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Report on Business Ontario to tap Jim Balsillie to lead expert panel studying effectiveness of institutions that commercialize innovations

Jim Balsillie, Council of Canadian Innovators, arrives to appear as a witness at a Commons privacy and ethics committee in Ottawa on May 10, 2018.

Sean Kilpatrick/The Canadian Press

Ontario plans to tap Jim Balsillie to lead a panel of experts to scrutinize the effectiveness of provincially funded institutions that commercialize innovations, including universities and incubators.

The panel, early details of which were revealed in Thursday’s provincial budget, is expected to study how to make postsecondary institutions and related startup accelerators more focused on generating intellectual property, or IP, to boost economic growth.

The Globe and Mail has learned that Ontario plans to name Mr. Balsillie as chair; he is also chair of the Council of Canadian Innovators. In his time as co-CEO of Research in Motion Ltd. – now BlackBerry – Mr. Balsillie became one the most prolific commercializers of intellectual property, or IP, in Canadian history. He has since become a staunch critic of Canadian innovation policy. His office to declined to comment on Thursday.

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The budget says the panel will include members from “postsecondary, industry, innovation, venture capital and investment, banking and finance sectors, as well as from medical research and intellectual property legal expertise.” Sources, who were not authorized to speak publicly, said the province also plans to include Shiri Breznitz, a University of Toronto professor whose 2014 book, The Fountain of Knowledge, explored the relationships between universities, governments and industries; Dan Herman, a former head of strategy for Innovation Canada; Ottawa patent lawyer Natalie Raffoul; and University of Windsor law professor Myra Tawfik, an IP law expert.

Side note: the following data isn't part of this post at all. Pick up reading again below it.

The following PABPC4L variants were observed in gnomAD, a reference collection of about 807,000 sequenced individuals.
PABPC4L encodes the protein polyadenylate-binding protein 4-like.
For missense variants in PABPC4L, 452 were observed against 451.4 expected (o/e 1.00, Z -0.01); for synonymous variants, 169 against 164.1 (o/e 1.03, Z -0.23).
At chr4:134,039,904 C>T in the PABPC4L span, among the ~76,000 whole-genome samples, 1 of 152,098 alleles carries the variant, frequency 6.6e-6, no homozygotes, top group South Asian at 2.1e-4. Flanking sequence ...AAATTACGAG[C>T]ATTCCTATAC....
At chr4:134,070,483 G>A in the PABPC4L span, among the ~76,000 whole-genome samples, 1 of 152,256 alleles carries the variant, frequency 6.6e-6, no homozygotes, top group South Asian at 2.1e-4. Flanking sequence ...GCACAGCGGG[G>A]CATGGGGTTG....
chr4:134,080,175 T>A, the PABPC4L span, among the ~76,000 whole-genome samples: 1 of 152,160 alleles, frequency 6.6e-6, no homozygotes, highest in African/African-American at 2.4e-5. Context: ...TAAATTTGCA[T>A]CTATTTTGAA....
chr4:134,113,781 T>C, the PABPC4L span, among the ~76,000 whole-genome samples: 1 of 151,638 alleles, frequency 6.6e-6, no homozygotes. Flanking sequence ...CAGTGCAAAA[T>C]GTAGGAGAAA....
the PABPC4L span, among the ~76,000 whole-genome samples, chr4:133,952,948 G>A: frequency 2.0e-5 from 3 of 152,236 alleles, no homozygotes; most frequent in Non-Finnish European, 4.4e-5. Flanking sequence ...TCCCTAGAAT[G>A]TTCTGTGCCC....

Almost a year into its term, Premier Doug Ford’s Progressive Conservative government has made numerous efforts to overhaul established processes and reduce spending. Meanwhile, Ottawa last year revealed details of a national IP strategy, with a focus on helping Canadian companies compete more effectively against global tech giants.

Sources said the panel will focus on improving the province’s return on investment in tech-focused institutions while encouraging small and medium-sized businesses to commercialize their work. This would include examining the efficiency of incubator and accelerator programs connected with postsecondary institutions to assess how well they are encouraging startups to commercialize and go to market.

“This is a highly complex issue which requires real expertise in the area of intellectual property,” said Stephanie Rea, director of communications for Ontario’s Minister of Training, Colleges and Universities, in an e-mail Thursday evening. She said that no decisions had yet been made over the panel’s membership, but that “our government wants to make sure we are getting the best advice possible.”

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Mr. Herman co-founded the Waterloo, Ont.-based Centre for Digital Entrepreneurship and Economic Performance earlier this decade and has spent much of his career encouraging startups to grow. Part of his research has homed in on the effectiveness of accelerator and incubator programs.

In 2015 he wrote an opinion story for The Globe arguing that “despite significant public investment in these [accelerator] organizations by every manner of government, we have very little data on what outcomes they produce.”

The panel would also study postsecondary “tech-transfer offices,” which help convert academic research into marketable products and services, often through patenting innovations. A source said it could look at policies that would clarify, if not encourage, the importance of keeping IP at home.

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This could help alleviate some of the problems that can arise between universities and startups, such as the battle in 2018 between the University of Waterloo and Salient Energy, a startup hosted at its Velocity Garage incubator. That dispute, which was settled in December, hinged on patented battery-technology IP that the university argued it owned and was obligated to offer to a funder, a lab run by the U.S. Department of Energy.

Further, the panel would also look at how to educate postsecondary institutions on the importance of IP and how to share expertise among schools. If one university’s tech-transfer office has expertise in software IP, for example, it could lend a hand to another whose expertise is in advanced manufacturing.

Editor’s note: This online story has been updated to provide more detail on the patent dispute between University of Waterloo and Salient Energy.
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